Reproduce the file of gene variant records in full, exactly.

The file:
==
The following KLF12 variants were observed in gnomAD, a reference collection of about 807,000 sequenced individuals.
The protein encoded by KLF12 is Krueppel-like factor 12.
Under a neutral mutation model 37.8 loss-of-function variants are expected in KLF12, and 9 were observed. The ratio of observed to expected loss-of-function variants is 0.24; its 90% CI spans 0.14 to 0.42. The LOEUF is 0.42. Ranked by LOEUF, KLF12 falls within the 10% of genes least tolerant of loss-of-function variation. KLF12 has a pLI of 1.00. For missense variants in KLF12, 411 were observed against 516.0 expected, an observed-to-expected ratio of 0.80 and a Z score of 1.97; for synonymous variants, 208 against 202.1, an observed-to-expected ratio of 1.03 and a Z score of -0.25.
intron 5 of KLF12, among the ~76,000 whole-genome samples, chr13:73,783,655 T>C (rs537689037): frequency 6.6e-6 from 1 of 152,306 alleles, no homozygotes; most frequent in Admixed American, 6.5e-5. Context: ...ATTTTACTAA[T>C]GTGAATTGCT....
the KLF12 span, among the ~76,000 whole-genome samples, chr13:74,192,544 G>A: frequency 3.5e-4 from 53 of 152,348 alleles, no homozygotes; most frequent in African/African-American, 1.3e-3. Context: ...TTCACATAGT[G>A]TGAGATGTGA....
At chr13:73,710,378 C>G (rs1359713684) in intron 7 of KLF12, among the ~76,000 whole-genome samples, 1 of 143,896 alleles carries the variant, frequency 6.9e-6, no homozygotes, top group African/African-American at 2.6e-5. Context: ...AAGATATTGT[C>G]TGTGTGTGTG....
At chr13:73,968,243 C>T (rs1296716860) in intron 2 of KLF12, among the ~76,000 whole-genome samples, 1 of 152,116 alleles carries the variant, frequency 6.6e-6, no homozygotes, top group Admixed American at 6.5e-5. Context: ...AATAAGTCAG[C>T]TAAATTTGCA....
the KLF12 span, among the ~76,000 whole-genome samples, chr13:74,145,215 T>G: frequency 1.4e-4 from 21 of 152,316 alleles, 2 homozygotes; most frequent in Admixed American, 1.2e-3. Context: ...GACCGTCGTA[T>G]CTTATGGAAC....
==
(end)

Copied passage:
The following KLF12 variants were observed in gnomAD, a reference collection of about 807,000 sequenced individuals.
The protein encoded by KLF12 is Krueppel-like factor 12.
Under a neutral mutation model 37.8 loss-of-function variants are expected in KLF12, and 9 were observed. The ratio of observed to expected loss-of-function variants is 0.24; its 90% CI spans 0.14 to 0.42. The LOEUF is 0.42. Ranked by LOEUF, KLF12 falls within the 10% of genes least tolerant of loss-of-function variation. KLF12 has a pLI of 1.00. For missense variants in KLF12, 411 were observed against 516.0 expected, an observed-to-expected ratio of 0.80 and a Z score of 1.97; for synonymous variants, 208 against 202.1, an observed-to-expected ratio of 1.03 and a Z score of -0.25.
intron 5 of KLF12, among the ~76,000 whole-genome samples, chr13:73,783,655 T>C (rs537689037): frequency 6.6e-6 from 1 of 152,306 alleles, no homozygotes; most frequent in Admixed American, 6.5e-5. Context: ...ATTTTACTAA[T>C]GTGAATTGCT....
the KLF12 span, among the ~76,000 whole-genome samples, chr13:74,192,544 G>A: frequency 3.5e-4 from 53 of 152,348 alleles, no homozygotes; most frequent in African/African-American, 1.3e-3. Context: ...TTCACATAGT[G>A]TGAGATGTGA....
At chr13:73,710,378 C>G (rs1359713684) in intron 7 of KLF12, among the ~76,000 whole-genome samples, 1 of 143,896 alleles carries the variant, frequency 6.9e-6, no homozygotes, top group African/African-American at 2.6e-5. Context: ...AAGATATTGT[C>G]TGTGTGTGTG....
At chr13:73,968,243 C>T (rs1296716860) in intron 2 of KLF12, among the ~76,000 whole-genome samples, 1 of 152,116 alleles carries the variant, frequency 6.6e-6, no homozygotes, top group Admixed American at 6.5e-5. Context: ...AATAAGTCAG[C>T]TAAATTTGCA....
the KLF12 span, among the ~76,000 whole-genome samples, chr13:74,145,215 T>G: frequency 1.4e-4 from 21 of 152,316 alleles, 2 homozygotes; most frequent in Admixed American, 1.2e-3. Context: ...GACCGTCGTA[T>G]CTTATGGAAC....